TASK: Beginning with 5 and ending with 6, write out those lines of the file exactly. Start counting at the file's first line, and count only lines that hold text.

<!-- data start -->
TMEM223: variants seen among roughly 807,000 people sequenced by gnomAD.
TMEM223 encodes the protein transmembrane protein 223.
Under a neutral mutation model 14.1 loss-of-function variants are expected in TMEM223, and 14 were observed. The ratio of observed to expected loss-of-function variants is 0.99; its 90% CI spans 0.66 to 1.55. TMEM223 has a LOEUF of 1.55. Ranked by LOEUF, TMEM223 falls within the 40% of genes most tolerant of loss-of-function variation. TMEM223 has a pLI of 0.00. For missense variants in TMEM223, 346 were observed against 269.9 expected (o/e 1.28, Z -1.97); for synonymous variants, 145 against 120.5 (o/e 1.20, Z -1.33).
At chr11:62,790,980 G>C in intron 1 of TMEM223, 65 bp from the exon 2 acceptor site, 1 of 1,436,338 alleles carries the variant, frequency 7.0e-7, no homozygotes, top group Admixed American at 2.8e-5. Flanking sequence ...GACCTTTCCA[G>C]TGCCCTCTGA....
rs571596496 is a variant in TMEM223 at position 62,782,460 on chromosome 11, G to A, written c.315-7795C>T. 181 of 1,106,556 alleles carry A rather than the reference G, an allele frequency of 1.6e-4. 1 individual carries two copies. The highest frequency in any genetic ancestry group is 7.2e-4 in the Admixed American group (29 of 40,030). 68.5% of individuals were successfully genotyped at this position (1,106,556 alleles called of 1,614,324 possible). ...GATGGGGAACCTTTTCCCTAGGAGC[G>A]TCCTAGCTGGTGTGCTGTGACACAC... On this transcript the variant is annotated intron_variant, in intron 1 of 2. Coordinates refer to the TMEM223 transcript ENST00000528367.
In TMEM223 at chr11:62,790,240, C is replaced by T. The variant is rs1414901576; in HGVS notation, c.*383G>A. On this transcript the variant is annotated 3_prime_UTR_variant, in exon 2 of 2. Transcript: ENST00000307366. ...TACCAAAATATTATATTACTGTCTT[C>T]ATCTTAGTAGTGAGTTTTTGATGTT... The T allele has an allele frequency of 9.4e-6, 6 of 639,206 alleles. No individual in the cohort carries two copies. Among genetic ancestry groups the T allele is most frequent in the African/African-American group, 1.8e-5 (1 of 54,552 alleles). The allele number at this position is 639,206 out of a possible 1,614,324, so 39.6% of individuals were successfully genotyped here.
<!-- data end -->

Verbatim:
rs571596496 is a variant in TMEM223 at position 62,782,460 on chromosome 11, G to A, written c.315-7795C>T. 181 of 1,106,556 alleles carry A rather than the reference G, an allele frequency of 1.6e-4. 1 individual carries two copies. The highest frequency in any genetic ancestry group is 7.2e-4 in the Admixed American group (29 of 40,030). 68.5% of individuals were successfully genotyped at this position (1,106,556 alleles called of 1,614,324 possible). ...GATGGGGAACCTTTTCCCTAGGAGC[G>A]TCCTAGCTGGTGTGCTGTGACACAC... On this transcript the variant is annotated intron_variant, in intron 1 of 2. Coordinates refer to the TMEM223 transcript ENST00000528367.
In TMEM223 at chr11:62,790,240, C is replaced by T. The variant is rs1414901576; in HGVS notation, c.*383G>A. On this transcript the variant is annotated 3_prime_UTR_variant, in exon 2 of 2. Transcript: ENST00000307366. ...TACCAAAATATTATATTACTGTCTT[C>T]ATCTTAGTAGTGAGTTTTTGATGTT... The T allele has an allele frequency of 9.4e-6, 6 of 639,206 alleles. No individual in the cohort carries two copies. Among genetic ancestry groups the T allele is most frequent in the African/African-American group, 1.8e-5 (1 of 54,552 alleles). The allele number at this position is 639,206 out of a possible 1,614,324, so 39.6% of individuals were successfully genotyped here.